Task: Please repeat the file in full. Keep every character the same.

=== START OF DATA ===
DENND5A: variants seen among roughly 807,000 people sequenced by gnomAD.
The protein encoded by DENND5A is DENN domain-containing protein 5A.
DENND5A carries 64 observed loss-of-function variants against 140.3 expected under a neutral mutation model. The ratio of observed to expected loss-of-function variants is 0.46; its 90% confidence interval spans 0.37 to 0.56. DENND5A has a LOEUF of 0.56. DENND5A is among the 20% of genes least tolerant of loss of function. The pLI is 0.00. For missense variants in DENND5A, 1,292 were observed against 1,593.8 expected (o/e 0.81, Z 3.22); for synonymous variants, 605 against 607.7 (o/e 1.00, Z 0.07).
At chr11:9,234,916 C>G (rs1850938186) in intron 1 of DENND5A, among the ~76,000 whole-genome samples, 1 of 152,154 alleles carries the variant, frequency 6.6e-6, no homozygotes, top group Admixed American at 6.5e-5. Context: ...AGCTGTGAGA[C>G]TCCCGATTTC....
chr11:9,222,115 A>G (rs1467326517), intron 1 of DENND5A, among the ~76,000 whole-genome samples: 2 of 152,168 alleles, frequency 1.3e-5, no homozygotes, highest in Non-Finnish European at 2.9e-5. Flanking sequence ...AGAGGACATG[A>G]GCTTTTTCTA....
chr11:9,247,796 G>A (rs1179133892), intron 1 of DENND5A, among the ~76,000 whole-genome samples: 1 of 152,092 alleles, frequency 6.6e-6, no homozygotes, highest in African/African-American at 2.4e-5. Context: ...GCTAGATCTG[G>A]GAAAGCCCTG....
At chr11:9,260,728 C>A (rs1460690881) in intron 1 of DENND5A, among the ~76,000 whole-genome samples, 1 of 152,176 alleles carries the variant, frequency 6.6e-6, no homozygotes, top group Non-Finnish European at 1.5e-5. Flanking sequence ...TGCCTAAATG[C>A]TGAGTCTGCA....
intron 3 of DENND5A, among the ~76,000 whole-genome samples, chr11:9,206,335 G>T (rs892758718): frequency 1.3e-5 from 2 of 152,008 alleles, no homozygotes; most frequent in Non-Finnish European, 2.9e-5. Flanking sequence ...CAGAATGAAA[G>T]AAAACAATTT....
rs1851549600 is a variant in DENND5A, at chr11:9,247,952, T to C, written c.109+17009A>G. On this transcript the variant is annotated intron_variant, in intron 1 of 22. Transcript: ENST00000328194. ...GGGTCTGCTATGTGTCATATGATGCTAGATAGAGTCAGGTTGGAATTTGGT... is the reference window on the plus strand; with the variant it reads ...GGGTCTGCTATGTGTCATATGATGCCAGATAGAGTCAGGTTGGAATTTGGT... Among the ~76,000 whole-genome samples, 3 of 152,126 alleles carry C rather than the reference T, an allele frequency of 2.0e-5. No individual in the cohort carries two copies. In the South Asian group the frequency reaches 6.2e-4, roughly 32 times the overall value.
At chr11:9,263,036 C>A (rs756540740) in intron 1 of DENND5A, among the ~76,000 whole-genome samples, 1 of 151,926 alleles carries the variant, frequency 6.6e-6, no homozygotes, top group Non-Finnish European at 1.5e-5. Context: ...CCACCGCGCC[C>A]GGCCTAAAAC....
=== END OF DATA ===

DENND5A: variants seen among roughly 807,000 people sequenced by gnomAD.
The protein encoded by DENND5A is DENN domain-containing protein 5A.
DENND5A carries 64 observed loss-of-function variants against 140.3 expected under a neutral mutation model. The ratio of observed to expected loss-of-function variants is 0.46; its 90% confidence interval spans 0.37 to 0.56. DENND5A has a LOEUF of 0.56. DENND5A is among the 20% of genes least tolerant of loss of function. The pLI is 0.00. For missense variants in DENND5A, 1,292 were observed against 1,593.8 expected (o/e 0.81, Z 3.22); for synonymous variants, 605 against 607.7 (o/e 1.00, Z 0.07).
At chr11:9,234,916 C>G (rs1850938186) in intron 1 of DENND5A, among the ~76,000 whole-genome samples, 1 of 152,154 alleles carries the variant, frequency 6.6e-6, no homozygotes, top group Admixed American at 6.5e-5. Context: ...AGCTGTGAGA[C>G]TCCCGATTTC....
chr11:9,222,115 A>G (rs1467326517), intron 1 of DENND5A, among the ~76,000 whole-genome samples: 2 of 152,168 alleles, frequency 1.3e-5, no homozygotes, highest in Non-Finnish European at 2.9e-5. Flanking sequence ...AGAGGACATG[A>G]GCTTTTTCTA....
chr11:9,247,796 G>A (rs1179133892), intron 1 of DENND5A, among the ~76,000 whole-genome samples: 1 of 152,092 alleles, frequency 6.6e-6, no homozygotes, highest in African/African-American at 2.4e-5. Context: ...GCTAGATCTG[G>A]GAAAGCCCTG....
At chr11:9,260,728 C>A (rs1460690881) in intron 1 of DENND5A, among the ~76,000 whole-genome samples, 1 of 152,176 alleles carries the variant, frequency 6.6e-6, no homozygotes, top group Non-Finnish European at 1.5e-5. Flanking sequence ...TGCCTAAATG[C>A]TGAGTCTGCA....
intron 3 of DENND5A, among the ~76,000 whole-genome samples, chr11:9,206,335 G>T (rs892758718): frequency 1.3e-5 from 2 of 152,008 alleles, no homozygotes; most frequent in Non-Finnish European, 2.9e-5. Flanking sequence ...CAGAATGAAA[G>T]AAAACAATTT....
rs1851549600 is a variant in DENND5A, at chr11:9,247,952, T to C, written c.109+17009A>G. On this transcript the variant is annotated intron_variant, in intron 1 of 22. Transcript: ENST00000328194. ...GGGTCTGCTATGTGTCATATGATGCTAGATAGAGTCAGGTTGGAATTTGGT... is the reference window on the plus strand; with the variant it reads ...GGGTCTGCTATGTGTCATATGATGCCAGATAGAGTCAGGTTGGAATTTGGT... Among the ~76,000 whole-genome samples, 3 of 152,126 alleles carry C rather than the reference T, an allele frequency of 2.0e-5. No individual in the cohort carries two copies. In the South Asian group the frequency reaches 6.2e-4, roughly 32 times the overall value.
At chr11:9,263,036 C>A (rs756540740) in intron 1 of DENND5A, among the ~76,000 whole-genome samples, 1 of 151,926 alleles carries the variant, frequency 6.6e-6, no homozygotes, top group Non-Finnish European at 1.5e-5. Context: ...CCACCGCGCC[C>A]GGCCTAAAAC....